Fixing my PC with initrd

Fucking hell.

So as people might know (hell, I’ve complained about it enough), my main workstation broke down. Removed all of the components from the board and no difference. So it was either the CPU or the motherboard itself. I put all of the parts into another machine and it ran fine.

Well I have work to do and I need Windows for some of it and I don’t have a spare machine good enough to play some of my games, which meant I needed a new motherboard and/or CPU. After some faffing I spotted a tiny burnt out component on the board so I took pot luck and bought a new Socket A motherboard that fitted the bill as closely as I could find at short notice. Seems most people aren’t stocking many Socket A boards these days as everyone is moving on to bigger and better things, but being skint as usual I decided it was better to just buy a replacement board than a replacement machine while I wait for 64 bit support, PCIE and ATI graphics etc to be known to work well together. Not much point in buying a 32 bit machine now when I would have upgraded to 64 bit next year anyway.

So I bought a board with SATA as I need the extra disk channels. I have 3 PATA disks, one for Windows which needs to go on hda, my Linux system disk which needs to go on the SATA controller as my other disk, my enormous Linux /home doesn’t work with the SATA converter I have and so needs to go on hdb. I also have 2 optical drives which of course need to go on the other PATA channel.

So, I install Windows and I boot from a live CD to alter the grub and /etc/fstab settings accordingly. All works fine. Nice boot menu, Windows boots fine. Try to boot Linux. Umm. No. pivot_root error and can’t find initrd. Shit. But it works fine on hda. Try all possible permutations of disks and controllers, but one always fails.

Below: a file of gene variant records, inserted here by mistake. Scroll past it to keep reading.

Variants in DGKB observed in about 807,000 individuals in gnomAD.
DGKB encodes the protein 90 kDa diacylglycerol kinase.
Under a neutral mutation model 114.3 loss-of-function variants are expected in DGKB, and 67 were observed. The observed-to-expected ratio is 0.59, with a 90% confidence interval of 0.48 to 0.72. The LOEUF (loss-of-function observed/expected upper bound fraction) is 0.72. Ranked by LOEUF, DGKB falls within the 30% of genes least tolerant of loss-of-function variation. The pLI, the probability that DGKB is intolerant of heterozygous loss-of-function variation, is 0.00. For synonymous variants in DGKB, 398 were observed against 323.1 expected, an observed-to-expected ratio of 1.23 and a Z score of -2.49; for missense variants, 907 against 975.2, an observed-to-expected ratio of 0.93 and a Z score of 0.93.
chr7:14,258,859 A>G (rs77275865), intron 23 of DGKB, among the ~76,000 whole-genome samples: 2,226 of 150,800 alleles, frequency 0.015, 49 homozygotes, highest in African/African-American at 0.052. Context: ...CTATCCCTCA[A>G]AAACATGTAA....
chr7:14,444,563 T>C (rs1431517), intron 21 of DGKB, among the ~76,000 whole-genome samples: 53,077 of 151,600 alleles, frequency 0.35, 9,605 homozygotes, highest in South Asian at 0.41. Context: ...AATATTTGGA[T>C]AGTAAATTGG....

So I post to Wolves LUG mailing list about whether I will be attending the meeting and say I won’t as I’ve been fixing my PC and I need to get it up and running but the SATA controller is being an arse and Linux can’t boot from it. Dave Goodwin pops up and offers some advice. I follow through and explain what I have done so far and he says do this:

You should just need to do the following to “fix” your problem :

Edit /etc/mkinitrd/modules and add in the sata modules necessary for your card, as well as probably scsi_mod and sd_mod. (Just list the modules, one per line).

Then, try running :

mkinitrd -o /boot/mkinitrd.img.custom `uname -r`

(Where the output of `uname -r` looks pretty like 2.6.10-5-K7.

Edit /boot/grub/menu.lst (or edit it at bootup) and get it to use your new custom image, and cross your fingers 🙂

And it worked. Gawd bless him. I’m so grateful to him for picking this up. I was expecting to spend the rest of my days swapping disks over to do any work. It took me a week of testing and diagnosing to get this far and probably 3 weeks before that of working out where the problem lay and getting a spare machine to work on.

Life can now continue, but what a ball ache.